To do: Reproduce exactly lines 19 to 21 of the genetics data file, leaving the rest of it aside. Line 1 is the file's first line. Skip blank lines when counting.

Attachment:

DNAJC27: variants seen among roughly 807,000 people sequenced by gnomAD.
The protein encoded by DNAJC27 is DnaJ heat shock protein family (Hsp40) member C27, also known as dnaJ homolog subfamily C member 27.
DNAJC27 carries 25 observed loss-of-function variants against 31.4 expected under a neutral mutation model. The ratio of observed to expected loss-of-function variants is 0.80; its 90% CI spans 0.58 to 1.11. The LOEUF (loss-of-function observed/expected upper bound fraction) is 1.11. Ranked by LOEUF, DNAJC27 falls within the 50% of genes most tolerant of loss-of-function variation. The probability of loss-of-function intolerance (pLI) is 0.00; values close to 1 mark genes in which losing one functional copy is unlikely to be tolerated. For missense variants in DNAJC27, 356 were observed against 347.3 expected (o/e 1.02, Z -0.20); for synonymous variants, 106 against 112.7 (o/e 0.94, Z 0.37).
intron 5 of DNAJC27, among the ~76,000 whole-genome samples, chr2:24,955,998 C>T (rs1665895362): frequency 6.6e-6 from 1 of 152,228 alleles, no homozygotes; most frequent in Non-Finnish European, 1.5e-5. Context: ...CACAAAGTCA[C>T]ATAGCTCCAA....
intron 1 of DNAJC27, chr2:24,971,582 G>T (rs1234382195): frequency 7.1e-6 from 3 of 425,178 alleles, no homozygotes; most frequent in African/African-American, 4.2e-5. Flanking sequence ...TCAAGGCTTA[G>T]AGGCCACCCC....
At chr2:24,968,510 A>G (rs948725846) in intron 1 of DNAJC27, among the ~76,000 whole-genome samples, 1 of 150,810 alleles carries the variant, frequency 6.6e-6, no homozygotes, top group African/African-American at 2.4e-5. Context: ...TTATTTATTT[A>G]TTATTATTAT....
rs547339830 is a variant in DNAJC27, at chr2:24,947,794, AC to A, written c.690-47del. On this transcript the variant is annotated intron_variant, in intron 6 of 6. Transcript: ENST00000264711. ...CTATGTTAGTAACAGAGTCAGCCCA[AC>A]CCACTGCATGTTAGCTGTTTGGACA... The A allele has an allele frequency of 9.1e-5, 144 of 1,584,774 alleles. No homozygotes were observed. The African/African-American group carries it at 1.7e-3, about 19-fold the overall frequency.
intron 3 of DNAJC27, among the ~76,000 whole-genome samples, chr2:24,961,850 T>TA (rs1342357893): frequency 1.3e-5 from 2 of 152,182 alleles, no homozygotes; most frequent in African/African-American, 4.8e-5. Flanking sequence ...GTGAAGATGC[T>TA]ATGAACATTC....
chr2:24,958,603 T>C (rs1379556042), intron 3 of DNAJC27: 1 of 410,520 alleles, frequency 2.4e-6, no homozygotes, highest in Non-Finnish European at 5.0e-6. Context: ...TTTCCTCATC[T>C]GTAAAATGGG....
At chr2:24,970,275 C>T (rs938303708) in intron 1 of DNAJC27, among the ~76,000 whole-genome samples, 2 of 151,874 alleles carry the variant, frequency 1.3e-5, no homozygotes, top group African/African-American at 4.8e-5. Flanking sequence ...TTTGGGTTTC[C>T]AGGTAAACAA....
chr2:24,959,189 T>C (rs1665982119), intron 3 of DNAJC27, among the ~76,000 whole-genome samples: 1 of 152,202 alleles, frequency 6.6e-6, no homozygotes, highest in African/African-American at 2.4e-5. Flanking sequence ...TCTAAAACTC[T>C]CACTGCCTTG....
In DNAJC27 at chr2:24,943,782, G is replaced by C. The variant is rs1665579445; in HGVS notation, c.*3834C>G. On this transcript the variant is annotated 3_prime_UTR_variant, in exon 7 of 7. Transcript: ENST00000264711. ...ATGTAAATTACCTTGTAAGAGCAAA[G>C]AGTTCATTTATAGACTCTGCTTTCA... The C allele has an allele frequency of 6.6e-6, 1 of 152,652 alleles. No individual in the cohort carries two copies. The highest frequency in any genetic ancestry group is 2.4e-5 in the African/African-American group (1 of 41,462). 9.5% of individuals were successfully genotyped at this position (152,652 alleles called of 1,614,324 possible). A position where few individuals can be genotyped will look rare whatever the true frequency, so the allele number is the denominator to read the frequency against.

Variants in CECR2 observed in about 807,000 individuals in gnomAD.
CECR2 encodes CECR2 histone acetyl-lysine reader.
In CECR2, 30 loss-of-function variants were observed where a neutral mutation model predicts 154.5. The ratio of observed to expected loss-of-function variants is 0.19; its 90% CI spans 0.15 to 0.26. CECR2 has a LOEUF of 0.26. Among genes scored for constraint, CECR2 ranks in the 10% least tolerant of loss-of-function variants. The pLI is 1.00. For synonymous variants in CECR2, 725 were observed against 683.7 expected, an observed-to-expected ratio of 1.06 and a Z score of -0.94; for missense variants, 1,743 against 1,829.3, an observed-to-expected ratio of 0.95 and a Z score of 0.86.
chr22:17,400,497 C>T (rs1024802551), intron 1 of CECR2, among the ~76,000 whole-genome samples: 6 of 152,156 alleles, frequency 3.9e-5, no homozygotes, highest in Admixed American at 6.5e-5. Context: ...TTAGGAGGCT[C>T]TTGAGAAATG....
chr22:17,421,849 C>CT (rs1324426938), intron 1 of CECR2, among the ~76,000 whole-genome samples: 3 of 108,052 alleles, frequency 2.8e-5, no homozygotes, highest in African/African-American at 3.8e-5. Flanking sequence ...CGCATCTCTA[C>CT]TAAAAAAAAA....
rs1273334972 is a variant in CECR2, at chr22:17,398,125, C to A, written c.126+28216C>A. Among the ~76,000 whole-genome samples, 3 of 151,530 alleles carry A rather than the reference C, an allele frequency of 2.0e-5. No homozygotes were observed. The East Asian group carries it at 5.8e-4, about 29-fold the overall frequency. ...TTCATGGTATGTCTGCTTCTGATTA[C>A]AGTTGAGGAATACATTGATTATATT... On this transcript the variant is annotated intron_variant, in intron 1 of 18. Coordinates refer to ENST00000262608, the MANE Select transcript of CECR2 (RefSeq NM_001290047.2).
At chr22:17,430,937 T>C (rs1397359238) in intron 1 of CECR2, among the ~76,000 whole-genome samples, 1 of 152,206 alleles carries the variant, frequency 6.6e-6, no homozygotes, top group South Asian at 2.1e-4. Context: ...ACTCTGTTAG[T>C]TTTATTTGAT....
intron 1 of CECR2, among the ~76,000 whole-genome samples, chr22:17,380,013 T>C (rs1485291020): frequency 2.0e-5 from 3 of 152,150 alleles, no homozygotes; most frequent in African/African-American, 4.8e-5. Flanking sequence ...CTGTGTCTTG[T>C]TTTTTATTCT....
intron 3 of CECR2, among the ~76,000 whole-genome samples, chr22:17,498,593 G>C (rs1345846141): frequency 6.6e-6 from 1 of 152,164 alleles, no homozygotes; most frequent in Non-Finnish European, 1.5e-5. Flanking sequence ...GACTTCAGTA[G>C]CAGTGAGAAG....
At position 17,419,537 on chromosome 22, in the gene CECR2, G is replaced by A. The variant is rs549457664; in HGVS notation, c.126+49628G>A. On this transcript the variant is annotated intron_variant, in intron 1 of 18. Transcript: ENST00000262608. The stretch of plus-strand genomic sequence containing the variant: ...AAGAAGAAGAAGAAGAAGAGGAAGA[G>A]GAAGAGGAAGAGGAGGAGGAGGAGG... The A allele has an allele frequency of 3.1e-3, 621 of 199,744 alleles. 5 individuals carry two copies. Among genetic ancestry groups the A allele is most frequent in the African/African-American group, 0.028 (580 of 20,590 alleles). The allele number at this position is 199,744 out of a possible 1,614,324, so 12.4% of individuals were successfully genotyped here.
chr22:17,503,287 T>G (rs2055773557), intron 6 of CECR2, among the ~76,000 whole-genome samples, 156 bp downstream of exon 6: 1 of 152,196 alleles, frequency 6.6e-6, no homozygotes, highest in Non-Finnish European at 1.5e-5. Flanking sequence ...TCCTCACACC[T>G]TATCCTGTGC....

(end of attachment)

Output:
At chr22:17,430,937 T>C (rs1397359238) in intron 1 of CECR2, among the ~76,000 whole-genome samples, 1 of 152,206 alleles carries the variant, frequency 6.6e-6, no homozygotes, top group South Asian at 2.1e-4. Context: ...ACTCTGTTAG[T>C]TTTATTTGAT....
intron 1 of CECR2, among the ~76,000 whole-genome samples, chr22:17,380,013 T>C (rs1485291020): frequency 2.0e-5 from 3 of 152,150 alleles, no homozygotes; most frequent in African/African-American, 4.8e-5. Flanking sequence ...CTGTGTCTTG[T>C]TTTTTATTCT....
intron 3 of CECR2, among the ~76,000 whole-genome samples, chr22:17,498,593 G>C (rs1345846141): frequency 6.6e-6 from 1 of 152,164 alleles, no homozygotes; most frequent in Non-Finnish European, 1.5e-5. Flanking sequence ...GACTTCAGTA[G>C]CAGTGAGAAG....